Fortune Street allows players to steal other players’ shops by paying five times the shop’s value and forcing a buyout. Fortune Street also allows players more freedom to invest because unlike Monopoly, they don’t need every store in a district to invest in property. Each shop has a set amount of capital that the owner can invest in. Max capital also increases with the more shops a player owns in a district.

Other ways that Fortune Street is different from Monopoly is that there are take-a-break squares. When you land on one, all your shops are closed until your next turn, so you can’t make money from sales. There are also boon and boom squares where you get a commission on shop sales until your next turn.

Then there are simple Venture On spaces where you roll the die again and move. There are also minigames, like a slime race and a dart game that can provide rewards. Rewards include extra money, extra stocks, Suit Yourself cards (which stand in for uncollected suits), increases in shop value and warping. There are also punishments, like a decrease in shop value.

The main way to win the Easy Rules is to buy property, invest to raise prices so it’s harder for your shops to be bought out, count on opponents landing on your shops to make money and collect the four suits needed for promotion paychecks — all while avoiding your opponents’ shops when possible. In the Standard Rules, however, these gameplay elements are still present, but they barely even scratch the surface of the game.

The Standard Rules has the one gameplay mechanic that simultaneously distinguishes itself from Monopoly, and, in my opinion, makes the game worth playing. It has a stock market.

Game of Stocks

Every time players land on the bank or a stock office space, they have the option of investing money to buy stocks in certain districts. That’s where the gameplay gets interesting. A player’s first instinct can be to invest in either a district with many of their shops or a district where they can invest a lot of max capital. However, it can be difficult for players to keep their financial footing if they’re focused on districts where only they are investing, at least early on.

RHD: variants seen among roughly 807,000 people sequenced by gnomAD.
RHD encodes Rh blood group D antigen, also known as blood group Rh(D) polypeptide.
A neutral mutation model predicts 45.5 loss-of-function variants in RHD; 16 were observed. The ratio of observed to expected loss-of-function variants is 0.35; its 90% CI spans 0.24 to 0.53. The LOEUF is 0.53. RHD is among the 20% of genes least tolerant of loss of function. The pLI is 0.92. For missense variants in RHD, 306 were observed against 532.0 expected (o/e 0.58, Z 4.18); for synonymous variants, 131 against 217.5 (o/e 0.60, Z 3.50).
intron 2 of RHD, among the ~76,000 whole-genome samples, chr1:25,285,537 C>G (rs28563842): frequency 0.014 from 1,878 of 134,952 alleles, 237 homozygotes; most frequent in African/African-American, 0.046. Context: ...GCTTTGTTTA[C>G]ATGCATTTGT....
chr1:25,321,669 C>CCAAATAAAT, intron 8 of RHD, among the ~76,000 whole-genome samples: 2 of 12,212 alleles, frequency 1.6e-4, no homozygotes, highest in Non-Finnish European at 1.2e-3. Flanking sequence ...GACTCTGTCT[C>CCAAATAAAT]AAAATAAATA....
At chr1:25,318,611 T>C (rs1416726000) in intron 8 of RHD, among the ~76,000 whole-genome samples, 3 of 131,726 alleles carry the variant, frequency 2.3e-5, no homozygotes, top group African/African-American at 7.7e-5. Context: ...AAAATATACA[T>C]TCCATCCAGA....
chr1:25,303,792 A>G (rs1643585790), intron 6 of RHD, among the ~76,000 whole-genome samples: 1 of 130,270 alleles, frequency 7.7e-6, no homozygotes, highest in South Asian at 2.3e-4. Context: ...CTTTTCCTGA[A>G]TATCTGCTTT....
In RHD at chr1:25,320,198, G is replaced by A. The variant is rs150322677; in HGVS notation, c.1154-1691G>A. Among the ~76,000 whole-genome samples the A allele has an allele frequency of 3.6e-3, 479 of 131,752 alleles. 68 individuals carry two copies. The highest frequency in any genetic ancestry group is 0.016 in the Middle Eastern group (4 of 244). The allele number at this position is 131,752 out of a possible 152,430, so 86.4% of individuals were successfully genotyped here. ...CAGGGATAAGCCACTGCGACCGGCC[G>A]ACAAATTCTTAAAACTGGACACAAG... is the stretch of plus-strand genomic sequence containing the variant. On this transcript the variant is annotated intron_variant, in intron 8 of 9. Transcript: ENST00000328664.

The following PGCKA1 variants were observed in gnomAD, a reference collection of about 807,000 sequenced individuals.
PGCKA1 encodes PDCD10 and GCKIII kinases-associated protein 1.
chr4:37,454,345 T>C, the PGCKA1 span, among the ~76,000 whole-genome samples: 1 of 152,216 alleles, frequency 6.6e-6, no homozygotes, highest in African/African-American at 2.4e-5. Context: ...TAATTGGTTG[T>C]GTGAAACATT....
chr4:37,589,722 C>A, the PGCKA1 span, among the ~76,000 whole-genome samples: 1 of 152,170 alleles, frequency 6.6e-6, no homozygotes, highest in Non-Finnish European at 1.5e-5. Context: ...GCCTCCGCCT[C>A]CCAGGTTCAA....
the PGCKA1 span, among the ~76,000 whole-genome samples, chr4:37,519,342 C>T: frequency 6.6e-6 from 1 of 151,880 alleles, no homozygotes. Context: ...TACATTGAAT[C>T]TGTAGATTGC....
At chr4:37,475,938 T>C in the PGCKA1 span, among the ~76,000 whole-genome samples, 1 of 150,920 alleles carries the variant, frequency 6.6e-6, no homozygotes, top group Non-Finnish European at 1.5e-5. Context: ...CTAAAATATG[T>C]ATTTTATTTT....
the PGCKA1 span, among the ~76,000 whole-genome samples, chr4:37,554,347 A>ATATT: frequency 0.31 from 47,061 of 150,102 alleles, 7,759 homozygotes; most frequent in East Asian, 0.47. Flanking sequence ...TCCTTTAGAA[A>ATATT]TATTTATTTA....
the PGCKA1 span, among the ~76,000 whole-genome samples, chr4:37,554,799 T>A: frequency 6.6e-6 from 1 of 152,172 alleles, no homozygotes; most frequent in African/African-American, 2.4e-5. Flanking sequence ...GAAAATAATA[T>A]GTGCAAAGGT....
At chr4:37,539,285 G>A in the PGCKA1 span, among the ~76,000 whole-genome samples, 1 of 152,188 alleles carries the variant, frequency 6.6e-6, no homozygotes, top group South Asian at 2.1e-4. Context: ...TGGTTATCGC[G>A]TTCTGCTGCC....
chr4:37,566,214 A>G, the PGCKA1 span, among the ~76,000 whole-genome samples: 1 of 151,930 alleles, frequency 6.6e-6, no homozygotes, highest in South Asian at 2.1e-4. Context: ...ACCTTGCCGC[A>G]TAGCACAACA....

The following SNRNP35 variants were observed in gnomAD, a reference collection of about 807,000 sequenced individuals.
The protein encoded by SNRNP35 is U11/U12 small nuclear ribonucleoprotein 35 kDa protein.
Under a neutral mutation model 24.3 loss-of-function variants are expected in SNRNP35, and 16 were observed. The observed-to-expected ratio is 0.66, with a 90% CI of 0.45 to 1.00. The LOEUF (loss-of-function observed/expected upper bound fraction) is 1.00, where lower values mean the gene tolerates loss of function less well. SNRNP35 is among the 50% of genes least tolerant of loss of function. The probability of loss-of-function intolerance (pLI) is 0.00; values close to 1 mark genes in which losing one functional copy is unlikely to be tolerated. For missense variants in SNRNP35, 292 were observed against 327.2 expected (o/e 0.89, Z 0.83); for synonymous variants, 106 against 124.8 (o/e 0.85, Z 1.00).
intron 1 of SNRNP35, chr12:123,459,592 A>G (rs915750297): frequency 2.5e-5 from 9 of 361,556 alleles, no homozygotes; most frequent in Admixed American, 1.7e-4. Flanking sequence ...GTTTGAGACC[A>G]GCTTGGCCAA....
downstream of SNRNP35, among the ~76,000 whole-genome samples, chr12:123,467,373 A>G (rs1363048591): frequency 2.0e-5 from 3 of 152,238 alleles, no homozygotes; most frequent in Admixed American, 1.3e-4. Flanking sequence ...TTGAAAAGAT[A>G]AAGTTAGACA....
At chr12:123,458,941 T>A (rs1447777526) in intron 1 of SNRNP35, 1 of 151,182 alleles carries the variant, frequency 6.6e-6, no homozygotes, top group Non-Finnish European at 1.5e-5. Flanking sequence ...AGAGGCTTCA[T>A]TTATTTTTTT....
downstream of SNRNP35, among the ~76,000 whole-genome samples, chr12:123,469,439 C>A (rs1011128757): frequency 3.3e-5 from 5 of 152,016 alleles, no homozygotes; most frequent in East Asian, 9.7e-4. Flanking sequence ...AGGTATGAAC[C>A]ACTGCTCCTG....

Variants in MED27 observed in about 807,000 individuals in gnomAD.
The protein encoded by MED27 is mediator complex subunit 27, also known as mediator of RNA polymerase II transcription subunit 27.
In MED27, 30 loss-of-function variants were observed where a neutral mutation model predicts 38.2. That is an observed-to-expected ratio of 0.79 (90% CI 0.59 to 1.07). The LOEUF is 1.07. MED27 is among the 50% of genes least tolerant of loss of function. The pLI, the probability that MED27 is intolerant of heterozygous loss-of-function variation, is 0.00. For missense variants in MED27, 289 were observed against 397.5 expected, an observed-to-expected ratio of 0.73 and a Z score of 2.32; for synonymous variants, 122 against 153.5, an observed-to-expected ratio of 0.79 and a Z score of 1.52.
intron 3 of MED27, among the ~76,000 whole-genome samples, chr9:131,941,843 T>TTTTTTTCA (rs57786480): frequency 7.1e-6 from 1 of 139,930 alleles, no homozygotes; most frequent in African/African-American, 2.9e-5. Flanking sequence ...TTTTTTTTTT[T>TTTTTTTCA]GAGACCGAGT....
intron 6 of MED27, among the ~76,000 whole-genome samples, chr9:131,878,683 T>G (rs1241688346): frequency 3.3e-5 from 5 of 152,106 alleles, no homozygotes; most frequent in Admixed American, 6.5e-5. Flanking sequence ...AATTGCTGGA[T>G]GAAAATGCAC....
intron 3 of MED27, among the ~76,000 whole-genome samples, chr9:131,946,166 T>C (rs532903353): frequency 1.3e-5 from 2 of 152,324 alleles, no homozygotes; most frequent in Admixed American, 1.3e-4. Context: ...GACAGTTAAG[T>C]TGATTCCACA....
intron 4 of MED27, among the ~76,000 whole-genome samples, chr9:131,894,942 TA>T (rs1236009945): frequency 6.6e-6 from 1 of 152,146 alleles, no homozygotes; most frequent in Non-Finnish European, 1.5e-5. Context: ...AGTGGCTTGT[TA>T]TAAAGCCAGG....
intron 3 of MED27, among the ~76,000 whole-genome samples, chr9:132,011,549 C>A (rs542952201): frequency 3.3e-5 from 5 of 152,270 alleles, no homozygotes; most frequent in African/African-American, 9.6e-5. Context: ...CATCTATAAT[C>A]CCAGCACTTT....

More often than not, you’ll be counting on your invested stock to pay the bills because as stocks in a district increase, the more the stocks you own in that district are worth and the higher your net worth becomes. So, it can be beneficial to invest in a district where your opponents are investing early on, so your stocks are worth more and you have more money in the market to draw from. Plus, selling stocks in a district where your opponents have stock can lower prices in the district, making your competitors lose money.

One thing that will make your net worth skyrocket is by investing in your shops in districts where you have a lot of stocks. You still have to be careful that your competitors don’t have more stock, so they don’t freeload off your investments.


There is no surefire way to win Fortune Street. The game requires strategy, foresight and adaptability. Anybody who likes board games with strategy like Monopoly should certainly try their hand at Fortune Street.